At the physical level, the distributed control has been implemented for simple applications in order to test the different modules of the controllers (monitoring, decision making, communication between controllers). As a future work, we plan to implement the distributed control for more complex applications in order to highlight the advantages of our approach and study its limits.

Avionic test bench on heterogenous reconfigurable platform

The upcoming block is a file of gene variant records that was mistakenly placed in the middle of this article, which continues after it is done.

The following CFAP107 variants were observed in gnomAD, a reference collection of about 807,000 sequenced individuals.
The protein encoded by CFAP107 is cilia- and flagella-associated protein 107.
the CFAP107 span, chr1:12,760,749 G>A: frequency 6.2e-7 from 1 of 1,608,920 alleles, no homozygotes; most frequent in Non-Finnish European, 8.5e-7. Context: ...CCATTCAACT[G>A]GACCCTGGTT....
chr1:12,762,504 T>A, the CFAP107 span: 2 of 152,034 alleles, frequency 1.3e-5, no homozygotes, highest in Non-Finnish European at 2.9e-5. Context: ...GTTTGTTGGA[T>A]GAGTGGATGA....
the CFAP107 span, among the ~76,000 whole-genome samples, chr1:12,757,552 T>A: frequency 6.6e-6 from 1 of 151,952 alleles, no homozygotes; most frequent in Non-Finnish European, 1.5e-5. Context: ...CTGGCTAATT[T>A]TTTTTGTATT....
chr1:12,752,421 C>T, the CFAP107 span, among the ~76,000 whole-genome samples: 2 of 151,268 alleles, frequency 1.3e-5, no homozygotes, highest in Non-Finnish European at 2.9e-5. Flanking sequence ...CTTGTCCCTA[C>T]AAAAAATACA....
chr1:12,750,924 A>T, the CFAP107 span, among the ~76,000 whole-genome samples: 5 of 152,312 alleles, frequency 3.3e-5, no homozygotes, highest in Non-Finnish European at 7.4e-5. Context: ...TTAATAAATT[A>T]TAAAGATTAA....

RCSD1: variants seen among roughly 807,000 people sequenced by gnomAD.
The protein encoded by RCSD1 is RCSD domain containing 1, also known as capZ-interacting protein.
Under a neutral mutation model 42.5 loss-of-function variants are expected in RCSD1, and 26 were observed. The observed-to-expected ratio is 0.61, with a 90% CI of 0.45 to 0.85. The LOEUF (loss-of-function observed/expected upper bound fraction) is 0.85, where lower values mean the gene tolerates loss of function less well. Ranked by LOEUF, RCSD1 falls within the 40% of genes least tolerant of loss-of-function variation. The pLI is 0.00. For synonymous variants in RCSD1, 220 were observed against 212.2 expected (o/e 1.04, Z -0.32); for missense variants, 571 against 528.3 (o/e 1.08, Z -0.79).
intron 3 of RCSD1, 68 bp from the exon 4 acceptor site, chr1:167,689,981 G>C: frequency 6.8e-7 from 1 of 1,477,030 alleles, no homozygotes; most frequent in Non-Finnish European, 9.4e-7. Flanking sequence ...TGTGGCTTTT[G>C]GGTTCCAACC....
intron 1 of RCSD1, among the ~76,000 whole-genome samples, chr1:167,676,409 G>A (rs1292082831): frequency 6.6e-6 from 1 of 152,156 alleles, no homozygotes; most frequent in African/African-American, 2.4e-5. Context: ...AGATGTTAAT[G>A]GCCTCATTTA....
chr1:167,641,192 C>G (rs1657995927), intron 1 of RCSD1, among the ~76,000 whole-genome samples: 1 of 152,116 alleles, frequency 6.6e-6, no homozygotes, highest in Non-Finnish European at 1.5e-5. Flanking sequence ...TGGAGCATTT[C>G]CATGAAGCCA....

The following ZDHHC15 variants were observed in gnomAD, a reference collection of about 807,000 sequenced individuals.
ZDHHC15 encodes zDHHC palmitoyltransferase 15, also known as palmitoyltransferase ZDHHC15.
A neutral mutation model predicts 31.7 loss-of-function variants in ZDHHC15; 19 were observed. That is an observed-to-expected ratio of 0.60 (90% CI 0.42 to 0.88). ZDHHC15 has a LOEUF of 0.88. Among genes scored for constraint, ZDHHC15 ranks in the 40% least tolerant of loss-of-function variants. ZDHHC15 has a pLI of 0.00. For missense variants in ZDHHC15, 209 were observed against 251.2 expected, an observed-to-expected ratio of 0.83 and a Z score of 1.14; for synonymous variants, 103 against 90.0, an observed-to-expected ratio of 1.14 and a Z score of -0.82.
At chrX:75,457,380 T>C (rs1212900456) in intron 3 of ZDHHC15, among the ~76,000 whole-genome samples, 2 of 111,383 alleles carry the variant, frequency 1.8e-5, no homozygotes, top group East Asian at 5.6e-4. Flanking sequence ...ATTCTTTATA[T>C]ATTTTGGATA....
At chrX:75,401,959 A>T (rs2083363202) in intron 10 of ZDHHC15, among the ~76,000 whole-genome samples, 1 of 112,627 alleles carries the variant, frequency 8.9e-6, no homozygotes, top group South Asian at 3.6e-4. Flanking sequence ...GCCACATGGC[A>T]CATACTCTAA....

The aim goal of this thesis is to design the next Eurocopter avionic test bench generation. For the past 20 years, Test Systems have always be considered as a must do in the avionic development cycle. In early 2008, the Eurocopter research department has undertaken a profound reflection on the vocation Pro-Active Test Systems [15] . Hitherto, the test systems were based on real time specific CPU boards that run proprietary real time operating systems and plugged with Input/Output (I/O) boards to communicate with the equipments under test. In current industrial practice, the well-spread VME CPU boards are widely used. Due to the present test system performance requirement, an increase in the computation rates is needed, but it cannot be delivered by the VME CPU boards any-more. Furthermore, this solution is considered as an expensive maintainable technology. To overcome these drawbacks, the usage of multicore hosts (PC or workstation) allows an immediate increase in the capacity of computation. An important outcome of this transition is the refusal of the obsolete CPU boards. However, this solution cannot guarantee the real-time criteria while the execution of concurrent tasks due to the lack of an appropriate Operating System (OS) environment. In addition, this solution brings new communication latencies between the CPUs and I/O boards plugged in the VME backplane. In this work, our proposal is to make profit from the new available hardware computing resource (FPGA) and to make up hybrid avionic test systems [27] . Indeed, FPGA technology could offer a higher computation rates comparing to CPUs up to 10x. It could implement heavy models in a hardware fashion with the management of the parallelism degree to answer the real-time constraints of the application. The main challenge of hybrid (CPU/FPGA) architectures concerns the programming model and the design methodology. We need to deal with the heterogeneity of both hardware and software parts in order to obtain a fast system prototyping. In current industrial practice, manual coding is still widely adopted in the development of hybrid architectures, which is clearly not suited to manage the complexity intrinsic in these systems. For designers, this approach is very tedious, error-prone and expensive. In the first part of our work we emphasized the usage of Model Driven Engineering (MDE) for heterogeneous systems in order to reduce the design complexity of CPU-FPGA architectures [72] . In ReCoSoC paper, we focused on the prototyping environment and the related development tools in order to map existing software into CPU-FPGA architectures by detecting all data dependencies and get the parallelism degree. Moreover, we presented communication solutions comparing fast links such as Ethernet and PCIe. Secondly Multi-Core optimizations in different environments such as Linux with Open Source real-time patches (Xenomai) and processor affinities capabilities. Then, we presented in [28] a new generation of adaptive and generic avionic test benches using FPGA reconfigurability capabilities. Indeed, nowadays, each Eurocopter test bench is related to a specific embedded part and a specific aircraft. Proposing such generic architecture will reduce the helicopter design cycle significantly by Testing different embedded systems at the same time.